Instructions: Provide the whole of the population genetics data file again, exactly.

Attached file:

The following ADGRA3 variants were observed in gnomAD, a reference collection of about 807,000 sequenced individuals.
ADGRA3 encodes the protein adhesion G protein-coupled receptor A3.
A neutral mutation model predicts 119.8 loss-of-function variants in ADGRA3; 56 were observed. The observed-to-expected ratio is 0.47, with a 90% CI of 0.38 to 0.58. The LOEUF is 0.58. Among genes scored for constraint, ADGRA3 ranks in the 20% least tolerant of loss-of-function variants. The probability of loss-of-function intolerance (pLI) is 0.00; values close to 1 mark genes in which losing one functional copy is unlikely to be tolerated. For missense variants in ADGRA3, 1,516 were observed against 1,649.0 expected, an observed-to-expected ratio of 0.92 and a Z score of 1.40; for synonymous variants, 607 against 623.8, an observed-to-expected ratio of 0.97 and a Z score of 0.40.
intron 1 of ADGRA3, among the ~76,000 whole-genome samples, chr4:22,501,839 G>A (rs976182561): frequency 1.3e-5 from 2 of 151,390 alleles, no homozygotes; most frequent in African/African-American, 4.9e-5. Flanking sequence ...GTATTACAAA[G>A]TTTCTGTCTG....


The following ADGRA3 variants were observed in gnomAD, a reference collection of about 807,000 sequenced individuals.
ADGRA3 encodes the protein adhesion G protein-coupled receptor A3.
A neutral mutation model predicts 119.8 loss-of-function variants in ADGRA3; 56 were observed. The observed-to-expected ratio is 0.47, with a 90% CI of 0.38 to 0.58. The LOEUF is 0.58. Among genes scored for constraint, ADGRA3 ranks in the 20% least tolerant of loss-of-function variants. The probability of loss-of-function intolerance (pLI) is 0.00; values close to 1 mark genes in which losing one functional copy is unlikely to be tolerated. For missense variants in ADGRA3, 1,516 were observed against 1,649.0 expected, an observed-to-expected ratio of 0.92 and a Z score of 1.40; for synonymous variants, 607 against 623.8, an observed-to-expected ratio of 0.97 and a Z score of 0.40.
intron 1 of ADGRA3, among the ~76,000 whole-genome samples, chr4:22,501,839 G>A (rs976182561): frequency 1.3e-5 from 2 of 151,390 alleles, no homozygotes; most frequent in African/African-American, 4.9e-5. Flanking sequence ...GTATTACAAA[G>A]TTTCTGTCTG....